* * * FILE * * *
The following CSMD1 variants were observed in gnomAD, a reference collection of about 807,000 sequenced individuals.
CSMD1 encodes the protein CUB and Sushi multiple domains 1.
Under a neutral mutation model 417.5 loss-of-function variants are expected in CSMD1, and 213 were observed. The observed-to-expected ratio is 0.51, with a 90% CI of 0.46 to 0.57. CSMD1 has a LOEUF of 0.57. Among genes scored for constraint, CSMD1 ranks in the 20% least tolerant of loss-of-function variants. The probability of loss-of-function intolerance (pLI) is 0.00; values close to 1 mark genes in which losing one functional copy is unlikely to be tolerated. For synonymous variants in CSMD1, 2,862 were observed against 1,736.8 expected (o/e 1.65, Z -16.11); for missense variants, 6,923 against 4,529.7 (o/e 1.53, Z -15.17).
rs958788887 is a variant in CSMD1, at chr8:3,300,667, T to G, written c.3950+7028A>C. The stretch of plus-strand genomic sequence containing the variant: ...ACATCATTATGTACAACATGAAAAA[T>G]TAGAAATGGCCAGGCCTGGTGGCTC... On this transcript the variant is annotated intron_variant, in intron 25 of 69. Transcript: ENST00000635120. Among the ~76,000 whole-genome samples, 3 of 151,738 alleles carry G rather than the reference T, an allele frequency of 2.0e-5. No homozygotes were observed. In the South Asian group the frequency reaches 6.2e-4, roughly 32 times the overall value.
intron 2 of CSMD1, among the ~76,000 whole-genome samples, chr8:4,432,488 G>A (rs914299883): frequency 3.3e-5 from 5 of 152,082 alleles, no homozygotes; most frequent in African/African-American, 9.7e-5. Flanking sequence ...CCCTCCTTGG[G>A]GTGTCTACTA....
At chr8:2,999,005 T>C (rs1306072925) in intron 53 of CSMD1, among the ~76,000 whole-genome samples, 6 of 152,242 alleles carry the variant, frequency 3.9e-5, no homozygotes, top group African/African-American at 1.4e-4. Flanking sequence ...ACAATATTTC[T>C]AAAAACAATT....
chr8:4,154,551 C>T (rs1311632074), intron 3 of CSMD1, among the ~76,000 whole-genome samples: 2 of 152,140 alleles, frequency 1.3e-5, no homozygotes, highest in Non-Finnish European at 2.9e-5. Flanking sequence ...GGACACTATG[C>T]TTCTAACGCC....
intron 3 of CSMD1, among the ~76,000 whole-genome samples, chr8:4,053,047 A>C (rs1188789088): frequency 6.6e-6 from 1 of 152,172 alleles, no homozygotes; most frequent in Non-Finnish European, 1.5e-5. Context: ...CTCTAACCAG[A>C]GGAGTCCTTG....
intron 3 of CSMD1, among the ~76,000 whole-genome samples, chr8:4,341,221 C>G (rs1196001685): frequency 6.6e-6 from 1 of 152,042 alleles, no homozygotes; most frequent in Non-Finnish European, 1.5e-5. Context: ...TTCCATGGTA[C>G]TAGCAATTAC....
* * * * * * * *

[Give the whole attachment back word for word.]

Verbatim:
The following CSMD1 variants were observed in gnomAD, a reference collection of about 807,000 sequenced individuals.
CSMD1 encodes the protein CUB and Sushi multiple domains 1.
Under a neutral mutation model 417.5 loss-of-function variants are expected in CSMD1, and 213 were observed. The observed-to-expected ratio is 0.51, with a 90% CI of 0.46 to 0.57. CSMD1 has a LOEUF of 0.57. Among genes scored for constraint, CSMD1 ranks in the 20% least tolerant of loss-of-function variants. The probability of loss-of-function intolerance (pLI) is 0.00; values close to 1 mark genes in which losing one functional copy is unlikely to be tolerated. For synonymous variants in CSMD1, 2,862 were observed against 1,736.8 expected (o/e 1.65, Z -16.11); for missense variants, 6,923 against 4,529.7 (o/e 1.53, Z -15.17).
rs958788887 is a variant in CSMD1, at chr8:3,300,667, T to G, written c.3950+7028A>C. The stretch of plus-strand genomic sequence containing the variant: ...ACATCATTATGTACAACATGAAAAA[T>G]TAGAAATGGCCAGGCCTGGTGGCTC... On this transcript the variant is annotated intron_variant, in intron 25 of 69. Transcript: ENST00000635120. Among the ~76,000 whole-genome samples, 3 of 151,738 alleles carry G rather than the reference T, an allele frequency of 2.0e-5. No homozygotes were observed. In the South Asian group the frequency reaches 6.2e-4, roughly 32 times the overall value.
intron 2 of CSMD1, among the ~76,000 whole-genome samples, chr8:4,432,488 G>A (rs914299883): frequency 3.3e-5 from 5 of 152,082 alleles, no homozygotes; most frequent in African/African-American, 9.7e-5. Flanking sequence ...CCCTCCTTGG[G>A]GTGTCTACTA....
At chr8:2,999,005 T>C (rs1306072925) in intron 53 of CSMD1, among the ~76,000 whole-genome samples, 6 of 152,242 alleles carry the variant, frequency 3.9e-5, no homozygotes, top group African/African-American at 1.4e-4. Flanking sequence ...ACAATATTTC[T>C]AAAAACAATT....
chr8:4,154,551 C>T (rs1311632074), intron 3 of CSMD1, among the ~76,000 whole-genome samples: 2 of 152,140 alleles, frequency 1.3e-5, no homozygotes, highest in Non-Finnish European at 2.9e-5. Flanking sequence ...GGACACTATG[C>T]TTCTAACGCC....
intron 3 of CSMD1, among the ~76,000 whole-genome samples, chr8:4,053,047 A>C (rs1188789088): frequency 6.6e-6 from 1 of 152,172 alleles, no homozygotes; most frequent in Non-Finnish European, 1.5e-5. Context: ...CTCTAACCAG[A>C]GGAGTCCTTG....
intron 3 of CSMD1, among the ~76,000 whole-genome samples, chr8:4,341,221 C>G (rs1196001685): frequency 6.6e-6 from 1 of 152,042 alleles, no homozygotes; most frequent in Non-Finnish European, 1.5e-5. Context: ...TTCCATGGTA[C>G]TAGCAATTAC....